I have seen money destroy my family, my mother having come from a home where gambling changed their financial security so drastically overnight, was very anxious about money all the time, so she brought that insecurity into her marriage to my father. Its because of this constant fretting about money and having more of it, that many of the arguments between her and my father were born.
We as their children grew up with very skewed views of the value of money, my sister, brother and I.
My father came from abject poverty, the usual "no shoes, one meal a day" story, my father grew up in Kerala, India, and it was by sheer luck that my grandfather got my father and all his siblings into Lawrence School, Lovedale, in the southern state of Tamil Nadu, as merit scholars.
Merit scholarship is given to those too poor to afford to pay their way through school. Lawrence School was founded by Sir Henry Lawrence III, and it was a former military asylum, a boarding school for the children of those in the British Military and such, by the time my father got his merit scholarship, it was under the express condition that these were given to people of "Anglo-Indian" heritage, meaning that it was understood that somewhere up the family tree, we had colonizer blood in us.
Truth be told, we now know that was a lie, my Grandpa lied, or maybe he didn't, but we certainly know from my uncle doing genetic testing through 23&me that we are 95% Southeast Asian from India and 5% Pacific Islander (!) yeah, again, beats me!
Dad was one of the first Merit Scholars to graduate from that school to send all three of his children back to the same school, paying in full. It was a source of great pride for my father, as boarding school is not exactly a cheap thing, but he was insistent that he would educate us the same way he had been, what he saw as a great place for discipline, fraternity and building lifelong friendships.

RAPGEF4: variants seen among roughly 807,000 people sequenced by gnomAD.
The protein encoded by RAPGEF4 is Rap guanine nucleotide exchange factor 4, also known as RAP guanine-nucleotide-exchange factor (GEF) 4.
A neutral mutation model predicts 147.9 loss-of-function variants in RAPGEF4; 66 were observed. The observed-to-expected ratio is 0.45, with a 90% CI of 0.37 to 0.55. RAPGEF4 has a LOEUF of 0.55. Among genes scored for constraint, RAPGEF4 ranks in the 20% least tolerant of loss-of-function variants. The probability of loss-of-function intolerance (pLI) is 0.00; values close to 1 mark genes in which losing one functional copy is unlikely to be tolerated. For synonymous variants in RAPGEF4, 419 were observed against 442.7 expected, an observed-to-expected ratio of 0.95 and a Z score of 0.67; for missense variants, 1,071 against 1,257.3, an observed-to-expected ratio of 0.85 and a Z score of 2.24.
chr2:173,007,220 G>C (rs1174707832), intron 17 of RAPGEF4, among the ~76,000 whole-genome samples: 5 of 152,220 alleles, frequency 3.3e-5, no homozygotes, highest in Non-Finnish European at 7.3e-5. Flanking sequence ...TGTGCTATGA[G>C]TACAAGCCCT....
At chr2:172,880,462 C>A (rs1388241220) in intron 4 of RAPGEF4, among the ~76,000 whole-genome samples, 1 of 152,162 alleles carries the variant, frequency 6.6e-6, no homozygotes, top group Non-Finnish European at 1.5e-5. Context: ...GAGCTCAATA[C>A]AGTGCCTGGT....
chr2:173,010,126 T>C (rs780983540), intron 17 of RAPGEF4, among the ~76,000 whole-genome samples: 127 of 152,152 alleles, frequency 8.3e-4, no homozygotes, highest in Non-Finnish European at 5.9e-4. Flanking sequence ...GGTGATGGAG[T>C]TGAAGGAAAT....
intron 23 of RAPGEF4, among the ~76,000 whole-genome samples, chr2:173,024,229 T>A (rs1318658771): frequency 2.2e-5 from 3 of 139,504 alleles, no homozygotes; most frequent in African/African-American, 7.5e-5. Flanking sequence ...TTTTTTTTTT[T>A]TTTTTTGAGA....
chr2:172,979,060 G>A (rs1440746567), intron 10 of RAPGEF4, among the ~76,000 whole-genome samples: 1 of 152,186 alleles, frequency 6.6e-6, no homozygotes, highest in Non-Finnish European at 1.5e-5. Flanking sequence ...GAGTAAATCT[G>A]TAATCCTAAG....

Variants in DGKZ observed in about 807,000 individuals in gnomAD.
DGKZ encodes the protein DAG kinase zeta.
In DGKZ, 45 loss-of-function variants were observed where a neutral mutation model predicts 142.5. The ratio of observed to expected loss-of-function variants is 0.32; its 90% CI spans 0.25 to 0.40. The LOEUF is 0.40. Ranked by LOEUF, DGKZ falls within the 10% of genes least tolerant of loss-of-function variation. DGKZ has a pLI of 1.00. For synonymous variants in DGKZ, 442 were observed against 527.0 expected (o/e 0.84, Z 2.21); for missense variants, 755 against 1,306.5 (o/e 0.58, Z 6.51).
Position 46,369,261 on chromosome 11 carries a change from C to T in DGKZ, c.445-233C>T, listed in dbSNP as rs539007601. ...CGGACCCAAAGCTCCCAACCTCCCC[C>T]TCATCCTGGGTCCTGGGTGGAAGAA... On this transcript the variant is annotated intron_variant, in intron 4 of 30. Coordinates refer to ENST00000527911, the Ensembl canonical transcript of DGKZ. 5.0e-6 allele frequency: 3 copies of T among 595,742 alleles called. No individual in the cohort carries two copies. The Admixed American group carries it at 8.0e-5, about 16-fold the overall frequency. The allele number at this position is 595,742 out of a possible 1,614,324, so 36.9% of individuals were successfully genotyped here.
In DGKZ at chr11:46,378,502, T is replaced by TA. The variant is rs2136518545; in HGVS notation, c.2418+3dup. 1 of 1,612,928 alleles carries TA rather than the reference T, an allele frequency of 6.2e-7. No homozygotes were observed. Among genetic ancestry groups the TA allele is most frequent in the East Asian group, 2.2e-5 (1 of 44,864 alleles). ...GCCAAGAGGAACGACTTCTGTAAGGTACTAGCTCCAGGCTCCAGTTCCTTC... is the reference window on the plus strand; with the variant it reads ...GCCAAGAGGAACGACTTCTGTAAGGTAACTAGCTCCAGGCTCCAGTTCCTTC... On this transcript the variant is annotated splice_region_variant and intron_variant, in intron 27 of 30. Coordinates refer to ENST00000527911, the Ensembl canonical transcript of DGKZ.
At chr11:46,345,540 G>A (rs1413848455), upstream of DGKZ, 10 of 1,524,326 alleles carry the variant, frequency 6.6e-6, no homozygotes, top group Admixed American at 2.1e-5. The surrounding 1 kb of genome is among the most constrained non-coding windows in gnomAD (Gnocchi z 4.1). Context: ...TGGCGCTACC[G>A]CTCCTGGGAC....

I loved boarding school, but I would never send my kids to one, its great for making friends if you are socially gifted, but its terrible for your relationship with your parents.
Anyway, where I was going with this is that my father grew up dirt poor. He was educated for free and he loved the school as he finally got three meals a day and a uniform, which meant he had his own clothes and shoes on his feet. Because my father grew up poor, he always looked at his accumulation of wealth as being something he was gifted with and that it was not really his to keep. He was generous to a fault. He would help a wayward brother who squandered money on drugs or alcohol. He would help his father who would then squander that on whoever was currying favor with him. He also helped to educate my cousins when times were tough. Many of these efforts of fiscal help went through me and behind my mothers back, and one day when we got caught, I got in so much trouble with my Mum, like I was this liar when in reality we knew how she felt about giving money, hard earned, to others who needed it more.
I had forgotten how I helped my father spread the wealth, honestly, it must be where it came from, my mindset about money, skewed as it may be, sometimes I would try to talk my father into being more mindful about how hard he worked and how he truly did need to know he was deserving of it, but he would say, "What am I going to do? Take it with me to my grave? While I can, I should help those that need my help!"
Yeah, so you had my Dad who was always, "I can earn more!' and my mother who was all about, "Save every damn penny and don't squander it!"
Very different people, very conflicting approaches towards the earning and hoarding of money as well as very different mindsets about who deserved money and for what.
From when I started, it was important for me to have a team built on equal pay for men and women. I wanted everyone to feel they were equally valued and invested in the shop. That worked, for the most part, but then you realize that sometimes some people understand the concept of gratitude and others do not, its not a fault of their own, maybe they just didn't grow up in an environment where they learned that, and how do you teach them that in the time you have, all while running a busy restaurant?